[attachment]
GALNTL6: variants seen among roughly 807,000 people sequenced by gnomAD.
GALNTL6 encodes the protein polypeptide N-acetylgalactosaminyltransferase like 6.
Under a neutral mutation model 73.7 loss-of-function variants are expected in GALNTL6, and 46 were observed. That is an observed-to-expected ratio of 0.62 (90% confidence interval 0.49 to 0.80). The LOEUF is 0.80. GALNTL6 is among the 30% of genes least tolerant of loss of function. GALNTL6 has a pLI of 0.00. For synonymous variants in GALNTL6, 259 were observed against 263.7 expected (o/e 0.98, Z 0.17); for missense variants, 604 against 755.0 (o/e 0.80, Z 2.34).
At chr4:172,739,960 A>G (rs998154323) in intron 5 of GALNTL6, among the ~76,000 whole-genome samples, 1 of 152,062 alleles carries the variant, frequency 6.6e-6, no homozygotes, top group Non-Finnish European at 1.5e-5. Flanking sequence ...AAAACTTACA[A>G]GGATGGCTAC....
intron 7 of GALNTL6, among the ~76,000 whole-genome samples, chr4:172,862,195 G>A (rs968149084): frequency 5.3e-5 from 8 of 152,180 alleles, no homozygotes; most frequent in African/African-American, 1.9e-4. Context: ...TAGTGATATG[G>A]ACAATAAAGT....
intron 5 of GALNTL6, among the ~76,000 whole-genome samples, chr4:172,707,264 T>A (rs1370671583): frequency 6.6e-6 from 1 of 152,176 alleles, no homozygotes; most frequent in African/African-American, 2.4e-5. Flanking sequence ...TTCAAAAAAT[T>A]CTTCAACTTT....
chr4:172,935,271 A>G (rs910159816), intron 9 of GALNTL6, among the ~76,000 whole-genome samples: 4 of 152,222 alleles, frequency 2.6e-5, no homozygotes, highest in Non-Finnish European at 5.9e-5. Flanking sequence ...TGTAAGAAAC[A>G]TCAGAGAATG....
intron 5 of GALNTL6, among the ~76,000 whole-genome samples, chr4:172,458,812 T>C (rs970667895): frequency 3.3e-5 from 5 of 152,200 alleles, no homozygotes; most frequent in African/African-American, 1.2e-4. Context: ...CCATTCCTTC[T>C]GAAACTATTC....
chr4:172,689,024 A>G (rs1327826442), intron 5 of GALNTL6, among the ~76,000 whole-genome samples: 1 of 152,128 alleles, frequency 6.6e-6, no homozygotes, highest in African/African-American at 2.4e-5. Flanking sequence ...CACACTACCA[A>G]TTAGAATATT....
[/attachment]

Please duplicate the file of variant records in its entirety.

GALNTL6: variants seen among roughly 807,000 people sequenced by gnomAD.
GALNTL6 encodes the protein polypeptide N-acetylgalactosaminyltransferase like 6.
Under a neutral mutation model 73.7 loss-of-function variants are expected in GALNTL6, and 46 were observed. That is an observed-to-expected ratio of 0.62 (90% confidence interval 0.49 to 0.80). The LOEUF is 0.80. GALNTL6 is among the 30% of genes least tolerant of loss of function. GALNTL6 has a pLI of 0.00. For synonymous variants in GALNTL6, 259 were observed against 263.7 expected (o/e 0.98, Z 0.17); for missense variants, 604 against 755.0 (o/e 0.80, Z 2.34).
At chr4:172,739,960 A>G (rs998154323) in intron 5 of GALNTL6, among the ~76,000 whole-genome samples, 1 of 152,062 alleles carries the variant, frequency 6.6e-6, no homozygotes, top group Non-Finnish European at 1.5e-5. Flanking sequence ...AAAACTTACA[A>G]GGATGGCTAC....
intron 7 of GALNTL6, among the ~76,000 whole-genome samples, chr4:172,862,195 G>A (rs968149084): frequency 5.3e-5 from 8 of 152,180 alleles, no homozygotes; most frequent in African/African-American, 1.9e-4. Context: ...TAGTGATATG[G>A]ACAATAAAGT....
intron 5 of GALNTL6, among the ~76,000 whole-genome samples, chr4:172,707,264 T>A (rs1370671583): frequency 6.6e-6 from 1 of 152,176 alleles, no homozygotes; most frequent in African/African-American, 2.4e-5. Flanking sequence ...TTCAAAAAAT[T>A]CTTCAACTTT....
chr4:172,935,271 A>G (rs910159816), intron 9 of GALNTL6, among the ~76,000 whole-genome samples: 4 of 152,222 alleles, frequency 2.6e-5, no homozygotes, highest in Non-Finnish European at 5.9e-5. Flanking sequence ...TGTAAGAAAC[A>G]TCAGAGAATG....
intron 5 of GALNTL6, among the ~76,000 whole-genome samples, chr4:172,458,812 T>C (rs970667895): frequency 3.3e-5 from 5 of 152,200 alleles, no homozygotes; most frequent in African/African-American, 1.2e-4. Context: ...CCATTCCTTC[T>C]GAAACTATTC....
chr4:172,689,024 A>G (rs1327826442), intron 5 of GALNTL6, among the ~76,000 whole-genome samples: 1 of 152,128 alleles, frequency 6.6e-6, no homozygotes, highest in African/African-American at 2.4e-5. Flanking sequence ...CACACTACCA[A>G]TTAGAATATT....